www.salutogenesis.netA. Antonovsky . conference in Berlim
3STUDYING HEALTH VS. STUDYING DISEASEAaron Antonovsky1Lecture at the Congress for Clinical Psychology and Psychotherapy,Berlin, 19 February 1990When Dr. Faltermaier invited me to address you, he asked me to present a social scienceperspective on health and health research, discuss the conceptual shift from an illness to a healthorientation, characterize the current situation of the sociological and psychological research onhealth and illness, analyze the role of the health concept in international research, present myown standpoint, and discuss its consequences for health promotion. I have two alternatives: Ishall be glad to deal with the issues raised by Dr. Faltermaier -- on the condition that you agree tolisten to me the rest of today and at least all of tomorrow, cancelling everything else on theprogram. The other alternative is to limit myself to discussing my own model, leaving it to you torelate it to the broader questions. I assume that you prefer the latter alternative.My point of departure is to specify the goal of my professional endeavors, a goal which I, amedical sociologist, share with all of you, clinicians and researchers alike: We seek to advance ascientific understanding of the bodily and emotional suffering of human beings associated withillness. Please note that I exclude grief, misery, unhappiness, frustration and the like, though suchemotions involve suffering and may well lead to illness. Also note that I, as well as you, haveother goals in life. I will return to both these issues later. Because illness is universal, everyhuman society has developed a paradigm, a philosophy, a set of fundamental assumptions, a setof categories, to provide such an understanding. And every society has developed a socialinstitution, based on its understanding of illness, to deal with the problem. In modern westernindustrialized societies, what is called the biomedical model provides this paradigm. It isembodied in the complex of medical care institutions which we have created. As patients,practitioners or researchers, we have all internalized this understanding of illness.I haveproposed that this philosophy be called the pathogenic paradigm, since its base is a set of assumptions about the origins, nature, course and therapy of pathology. Its point of departure isthat specific pathogens or disease agents, or insufficiences or superfluities, come to threaten theintegrity of the organism. The resulting symptoms are diagnosed in terms of diseases, as detailedin the International Classification of Diseases, Injuries and Causes of Death, or in DSM-III. Thesocial institution of medicine, including psychiatry, is organized around the identification of thedisease and the application of chemical, physical or surgical weapons to repair or minimize thedamage to the organism wrought by the pathogen. Research is directed to identifying thepathogens and the search for their elimination.This is a paradigm which emphasizes the individual person, the material body, the mechanisticinterrelationships among the parts of the body, and the cheerful assumption that most of the time,for most of us, the machine does not break down. It would take us too far afield to discuss whythis pathogenic paradigm has emerged. But I would suggest that it is a paradigm which iscomfortable with the mode of industrial production, whether of a free market or centralizedplanning type, which has dominated the developed world.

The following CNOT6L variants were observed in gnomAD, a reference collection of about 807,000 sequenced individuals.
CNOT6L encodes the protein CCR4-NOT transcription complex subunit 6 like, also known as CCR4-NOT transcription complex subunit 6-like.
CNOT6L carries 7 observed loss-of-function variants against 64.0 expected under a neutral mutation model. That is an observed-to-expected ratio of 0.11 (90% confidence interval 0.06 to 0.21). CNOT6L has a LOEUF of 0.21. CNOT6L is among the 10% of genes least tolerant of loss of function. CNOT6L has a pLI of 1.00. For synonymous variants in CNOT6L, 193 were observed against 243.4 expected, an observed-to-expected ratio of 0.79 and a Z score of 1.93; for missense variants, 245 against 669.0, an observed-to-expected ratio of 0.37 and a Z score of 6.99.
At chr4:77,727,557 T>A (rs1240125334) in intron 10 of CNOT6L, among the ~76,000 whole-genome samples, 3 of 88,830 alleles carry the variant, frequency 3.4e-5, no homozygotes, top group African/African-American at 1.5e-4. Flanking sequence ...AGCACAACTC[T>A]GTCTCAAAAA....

Aaron Antonovsky, Ph.D. is the Kunin-Lunenfeld Professor of Medical Sociology and Chair,Department of the Sociology of Health, Faculty of Health Sciences, Ben-Gurion University of the Negev, Beersheba, Israel.